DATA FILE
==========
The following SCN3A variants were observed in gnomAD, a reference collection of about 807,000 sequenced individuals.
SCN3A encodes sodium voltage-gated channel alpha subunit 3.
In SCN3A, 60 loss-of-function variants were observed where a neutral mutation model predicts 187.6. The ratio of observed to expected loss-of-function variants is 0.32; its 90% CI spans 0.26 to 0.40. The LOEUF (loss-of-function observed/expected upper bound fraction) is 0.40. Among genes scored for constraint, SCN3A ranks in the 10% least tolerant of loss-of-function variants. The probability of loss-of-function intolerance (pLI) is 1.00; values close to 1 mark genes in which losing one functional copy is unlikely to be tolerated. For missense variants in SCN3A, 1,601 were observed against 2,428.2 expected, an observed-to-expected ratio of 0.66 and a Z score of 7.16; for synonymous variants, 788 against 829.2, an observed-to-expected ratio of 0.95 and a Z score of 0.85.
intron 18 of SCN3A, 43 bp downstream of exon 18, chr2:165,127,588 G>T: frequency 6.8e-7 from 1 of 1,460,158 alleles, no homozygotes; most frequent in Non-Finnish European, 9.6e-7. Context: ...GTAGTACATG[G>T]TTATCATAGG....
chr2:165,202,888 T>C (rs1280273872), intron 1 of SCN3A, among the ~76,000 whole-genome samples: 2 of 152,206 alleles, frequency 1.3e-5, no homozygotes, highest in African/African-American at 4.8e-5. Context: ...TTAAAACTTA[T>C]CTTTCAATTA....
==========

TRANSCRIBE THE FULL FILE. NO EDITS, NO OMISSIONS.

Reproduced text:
The following SCN3A variants were observed in gnomAD, a reference collection of about 807,000 sequenced individuals.
SCN3A encodes sodium voltage-gated channel alpha subunit 3.
In SCN3A, 60 loss-of-function variants were observed where a neutral mutation model predicts 187.6. The ratio of observed to expected loss-of-function variants is 0.32; its 90% CI spans 0.26 to 0.40. The LOEUF (loss-of-function observed/expected upper bound fraction) is 0.40. Among genes scored for constraint, SCN3A ranks in the 10% least tolerant of loss-of-function variants. The probability of loss-of-function intolerance (pLI) is 1.00; values close to 1 mark genes in which losing one functional copy is unlikely to be tolerated. For missense variants in SCN3A, 1,601 were observed against 2,428.2 expected, an observed-to-expected ratio of 0.66 and a Z score of 7.16; for synonymous variants, 788 against 829.2, an observed-to-expected ratio of 0.95 and a Z score of 0.85.
intron 18 of SCN3A, 43 bp downstream of exon 18, chr2:165,127,588 G>T: frequency 6.8e-7 from 1 of 1,460,158 alleles, no homozygotes; most frequent in Non-Finnish European, 9.6e-7. Context: ...GTAGTACATG[G>T]TTATCATAGG....
chr2:165,202,888 T>C (rs1280273872), intron 1 of SCN3A, among the ~76,000 whole-genome samples: 2 of 152,206 alleles, frequency 1.3e-5, no homozygotes, highest in African/African-American at 4.8e-5. Context: ...TTAAAACTTA[T>C]CTTTCAATTA....